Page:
World Population Trends and Their Impact on Economic Development

By Dominick Salvatore | Go to book overview

1
Population Trends and Economic Development: Introduction

DOMINICK SALVATORE

The United Nations' 1987 State of the World Population Report opens by stating:

In 1987, world population will pass five billion. It is growing at a rate of approximately a billion every 12 years . . . every year by over 80 million. Ninety percent of this growth is in developing countries. How did such rapid growth become possible? Is reaching five billion a triumph for humanity or a threat to its future? 1

It concludes by stating:

Beyond five billion, the path is dictated neither by chance nor by rigid fate. One path leads toward a balance between nature and human beings which will build a future to safeguard succeeding generations. The other will lead to difficulties which might degenerate into disaster if fertility decline is too long postponed. 2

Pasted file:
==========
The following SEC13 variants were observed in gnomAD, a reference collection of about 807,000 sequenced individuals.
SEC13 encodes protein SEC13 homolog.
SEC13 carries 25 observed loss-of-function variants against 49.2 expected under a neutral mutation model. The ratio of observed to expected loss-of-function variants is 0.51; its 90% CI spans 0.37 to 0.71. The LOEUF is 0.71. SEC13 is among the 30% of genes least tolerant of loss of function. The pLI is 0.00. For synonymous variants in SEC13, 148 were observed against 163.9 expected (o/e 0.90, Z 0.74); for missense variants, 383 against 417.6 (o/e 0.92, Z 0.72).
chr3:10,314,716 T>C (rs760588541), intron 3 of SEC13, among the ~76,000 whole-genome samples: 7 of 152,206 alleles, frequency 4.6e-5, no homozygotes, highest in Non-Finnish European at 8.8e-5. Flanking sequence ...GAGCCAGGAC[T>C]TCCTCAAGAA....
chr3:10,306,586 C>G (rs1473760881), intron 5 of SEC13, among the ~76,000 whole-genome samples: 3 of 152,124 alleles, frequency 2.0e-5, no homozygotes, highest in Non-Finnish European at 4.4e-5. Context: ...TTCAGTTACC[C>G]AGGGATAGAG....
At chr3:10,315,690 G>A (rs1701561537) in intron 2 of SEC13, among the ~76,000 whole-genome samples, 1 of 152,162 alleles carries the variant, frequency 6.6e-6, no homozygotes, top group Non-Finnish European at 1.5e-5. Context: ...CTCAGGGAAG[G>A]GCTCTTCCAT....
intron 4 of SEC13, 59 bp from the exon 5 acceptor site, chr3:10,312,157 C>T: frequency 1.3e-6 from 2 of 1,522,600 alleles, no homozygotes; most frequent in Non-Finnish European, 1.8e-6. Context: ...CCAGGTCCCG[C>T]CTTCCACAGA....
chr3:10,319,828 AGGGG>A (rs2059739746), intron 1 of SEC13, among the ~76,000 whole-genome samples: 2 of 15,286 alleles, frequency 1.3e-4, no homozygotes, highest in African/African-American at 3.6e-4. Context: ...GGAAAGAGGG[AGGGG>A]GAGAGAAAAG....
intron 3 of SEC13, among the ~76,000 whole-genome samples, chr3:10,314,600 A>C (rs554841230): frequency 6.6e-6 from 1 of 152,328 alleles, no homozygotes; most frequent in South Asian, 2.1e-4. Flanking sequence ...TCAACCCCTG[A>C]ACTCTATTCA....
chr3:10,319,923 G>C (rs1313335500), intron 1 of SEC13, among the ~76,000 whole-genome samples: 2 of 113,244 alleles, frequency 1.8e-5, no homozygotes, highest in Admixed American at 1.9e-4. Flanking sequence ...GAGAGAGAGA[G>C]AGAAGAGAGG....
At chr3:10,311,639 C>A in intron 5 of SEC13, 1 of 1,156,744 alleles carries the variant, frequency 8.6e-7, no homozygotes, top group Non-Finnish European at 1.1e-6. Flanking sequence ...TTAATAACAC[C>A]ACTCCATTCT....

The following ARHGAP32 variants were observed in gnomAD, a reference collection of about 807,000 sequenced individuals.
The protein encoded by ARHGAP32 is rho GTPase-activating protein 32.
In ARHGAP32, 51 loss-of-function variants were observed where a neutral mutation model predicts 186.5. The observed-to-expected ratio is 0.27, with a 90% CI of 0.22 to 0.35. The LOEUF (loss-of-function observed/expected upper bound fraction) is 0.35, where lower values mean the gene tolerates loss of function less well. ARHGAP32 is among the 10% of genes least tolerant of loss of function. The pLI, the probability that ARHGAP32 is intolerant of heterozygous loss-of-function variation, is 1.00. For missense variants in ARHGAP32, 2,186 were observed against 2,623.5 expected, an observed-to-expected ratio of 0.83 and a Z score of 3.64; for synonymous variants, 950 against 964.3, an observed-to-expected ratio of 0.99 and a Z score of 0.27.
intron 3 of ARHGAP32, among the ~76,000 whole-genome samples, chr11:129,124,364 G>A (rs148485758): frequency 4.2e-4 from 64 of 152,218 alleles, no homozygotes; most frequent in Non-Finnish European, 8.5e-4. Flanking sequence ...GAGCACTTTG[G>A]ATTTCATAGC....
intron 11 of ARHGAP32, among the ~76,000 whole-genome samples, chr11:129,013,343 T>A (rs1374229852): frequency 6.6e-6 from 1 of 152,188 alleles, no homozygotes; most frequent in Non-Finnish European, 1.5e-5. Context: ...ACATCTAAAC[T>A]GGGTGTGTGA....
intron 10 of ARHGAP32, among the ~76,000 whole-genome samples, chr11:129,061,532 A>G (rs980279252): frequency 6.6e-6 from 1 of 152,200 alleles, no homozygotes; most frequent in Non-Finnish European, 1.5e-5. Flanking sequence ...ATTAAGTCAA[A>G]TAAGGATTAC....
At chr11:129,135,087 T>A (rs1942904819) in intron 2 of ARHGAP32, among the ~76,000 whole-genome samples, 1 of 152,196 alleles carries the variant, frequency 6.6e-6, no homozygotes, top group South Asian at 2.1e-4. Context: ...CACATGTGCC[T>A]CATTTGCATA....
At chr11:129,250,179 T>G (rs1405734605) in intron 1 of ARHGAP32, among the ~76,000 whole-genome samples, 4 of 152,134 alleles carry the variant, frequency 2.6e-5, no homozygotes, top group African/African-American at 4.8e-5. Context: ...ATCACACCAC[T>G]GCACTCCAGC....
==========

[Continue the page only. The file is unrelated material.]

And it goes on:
From the time of Thomas Malthus to right after World War II, the generally accepted view was that rapid population growth hindered economic development. This belief, however, was based more on impressionistic evidence than on careful empirical research. During most of the postwar period, it was thought to be more or less self-evident that unchecked population growth in the face of limited natural resources would soon lead to diminishing returns and declining, or at least stagnant, standards of living in most developing countries. Improved technology would slow down the harmful effects on economic development resulting from rapid population growth, but it would be unable to reverse the process because a great deal of the new technology being developed is very capital intensive, and most developing countries are capital poor. While many researchers and international institutions would not entirely reject this assessment of the problem today, they are questioning these beliefs and subjecting them to rigorous empirical tests. Ideas and beliefs that seemed only too evident a few decades

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